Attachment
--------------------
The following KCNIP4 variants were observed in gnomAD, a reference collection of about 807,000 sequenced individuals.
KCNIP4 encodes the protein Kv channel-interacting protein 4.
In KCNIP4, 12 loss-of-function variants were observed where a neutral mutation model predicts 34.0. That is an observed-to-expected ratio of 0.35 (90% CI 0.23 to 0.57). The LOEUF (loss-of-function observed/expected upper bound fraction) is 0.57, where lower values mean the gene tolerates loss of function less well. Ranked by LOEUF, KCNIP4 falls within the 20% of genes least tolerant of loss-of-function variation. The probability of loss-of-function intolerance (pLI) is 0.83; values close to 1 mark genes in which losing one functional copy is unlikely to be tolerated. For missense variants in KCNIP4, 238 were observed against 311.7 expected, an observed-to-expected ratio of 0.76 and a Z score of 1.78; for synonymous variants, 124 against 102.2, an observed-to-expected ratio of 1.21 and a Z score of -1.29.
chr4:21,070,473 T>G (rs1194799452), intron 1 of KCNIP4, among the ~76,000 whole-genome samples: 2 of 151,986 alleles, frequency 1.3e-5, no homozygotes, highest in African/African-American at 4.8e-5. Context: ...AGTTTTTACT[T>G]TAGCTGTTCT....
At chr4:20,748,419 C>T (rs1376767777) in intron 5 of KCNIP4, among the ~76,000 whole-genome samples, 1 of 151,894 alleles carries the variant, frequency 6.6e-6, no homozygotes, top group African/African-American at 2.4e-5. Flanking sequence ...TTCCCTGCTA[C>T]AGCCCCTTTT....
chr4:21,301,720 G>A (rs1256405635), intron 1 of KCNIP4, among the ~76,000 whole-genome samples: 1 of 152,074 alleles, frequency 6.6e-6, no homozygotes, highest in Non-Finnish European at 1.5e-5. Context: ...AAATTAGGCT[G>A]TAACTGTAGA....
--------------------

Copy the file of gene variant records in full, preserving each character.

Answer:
The following KCNIP4 variants were observed in gnomAD, a reference collection of about 807,000 sequenced individuals.
KCNIP4 encodes the protein Kv channel-interacting protein 4.
In KCNIP4, 12 loss-of-function variants were observed where a neutral mutation model predicts 34.0. That is an observed-to-expected ratio of 0.35 (90% CI 0.23 to 0.57). The LOEUF (loss-of-function observed/expected upper bound fraction) is 0.57, where lower values mean the gene tolerates loss of function less well. Ranked by LOEUF, KCNIP4 falls within the 20% of genes least tolerant of loss-of-function variation. The probability of loss-of-function intolerance (pLI) is 0.83; values close to 1 mark genes in which losing one functional copy is unlikely to be tolerated. For missense variants in KCNIP4, 238 were observed against 311.7 expected, an observed-to-expected ratio of 0.76 and a Z score of 1.78; for synonymous variants, 124 against 102.2, an observed-to-expected ratio of 1.21 and a Z score of -1.29.
chr4:21,070,473 T>G (rs1194799452), intron 1 of KCNIP4, among the ~76,000 whole-genome samples: 2 of 151,986 alleles, frequency 1.3e-5, no homozygotes, highest in African/African-American at 4.8e-5. Context: ...AGTTTTTACT[T>G]TAGCTGTTCT....
At chr4:20,748,419 C>T (rs1376767777) in intron 5 of KCNIP4, among the ~76,000 whole-genome samples, 1 of 151,894 alleles carries the variant, frequency 6.6e-6, no homozygotes, top group African/African-American at 2.4e-5. Flanking sequence ...TTCCCTGCTA[C>T]AGCCCCTTTT....
chr4:21,301,720 G>A (rs1256405635), intron 1 of KCNIP4, among the ~76,000 whole-genome samples: 1 of 152,074 alleles, frequency 6.6e-6, no homozygotes, highest in Non-Finnish European at 1.5e-5. Context: ...AAATTAGGCT[G>A]TAACTGTAGA....